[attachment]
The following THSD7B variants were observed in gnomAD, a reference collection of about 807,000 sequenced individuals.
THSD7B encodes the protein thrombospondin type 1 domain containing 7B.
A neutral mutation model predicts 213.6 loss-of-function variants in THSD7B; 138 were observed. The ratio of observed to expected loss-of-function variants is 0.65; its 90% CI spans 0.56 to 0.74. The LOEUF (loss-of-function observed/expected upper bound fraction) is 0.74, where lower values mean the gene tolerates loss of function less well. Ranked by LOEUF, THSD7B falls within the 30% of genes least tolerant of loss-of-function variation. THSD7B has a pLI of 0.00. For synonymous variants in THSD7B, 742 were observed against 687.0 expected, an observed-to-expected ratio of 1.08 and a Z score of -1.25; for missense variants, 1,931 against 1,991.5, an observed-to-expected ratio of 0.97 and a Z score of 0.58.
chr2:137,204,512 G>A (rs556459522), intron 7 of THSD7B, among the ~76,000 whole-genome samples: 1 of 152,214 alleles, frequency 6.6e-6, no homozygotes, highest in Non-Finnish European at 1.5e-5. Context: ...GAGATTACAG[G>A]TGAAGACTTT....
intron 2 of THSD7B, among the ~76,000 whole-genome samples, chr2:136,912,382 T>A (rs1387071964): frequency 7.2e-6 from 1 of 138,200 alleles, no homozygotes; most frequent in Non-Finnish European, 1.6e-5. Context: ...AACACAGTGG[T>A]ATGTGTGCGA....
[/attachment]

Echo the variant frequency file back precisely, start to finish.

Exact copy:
The following THSD7B variants were observed in gnomAD, a reference collection of about 807,000 sequenced individuals.
THSD7B encodes the protein thrombospondin type 1 domain containing 7B.
A neutral mutation model predicts 213.6 loss-of-function variants in THSD7B; 138 were observed. The ratio of observed to expected loss-of-function variants is 0.65; its 90% CI spans 0.56 to 0.74. The LOEUF (loss-of-function observed/expected upper bound fraction) is 0.74, where lower values mean the gene tolerates loss of function less well. Ranked by LOEUF, THSD7B falls within the 30% of genes least tolerant of loss-of-function variation. THSD7B has a pLI of 0.00. For synonymous variants in THSD7B, 742 were observed against 687.0 expected, an observed-to-expected ratio of 1.08 and a Z score of -1.25; for missense variants, 1,931 against 1,991.5, an observed-to-expected ratio of 0.97 and a Z score of 0.58.
chr2:137,204,512 G>A (rs556459522), intron 7 of THSD7B, among the ~76,000 whole-genome samples: 1 of 152,214 alleles, frequency 6.6e-6, no homozygotes, highest in Non-Finnish European at 1.5e-5. Context: ...GAGATTACAG[G>A]TGAAGACTTT....
intron 2 of THSD7B, among the ~76,000 whole-genome samples, chr2:136,912,382 T>A (rs1387071964): frequency 7.2e-6 from 1 of 138,200 alleles, no homozygotes; most frequent in Non-Finnish European, 1.6e-5. Context: ...AACACAGTGG[T>A]ATGTGTGCGA....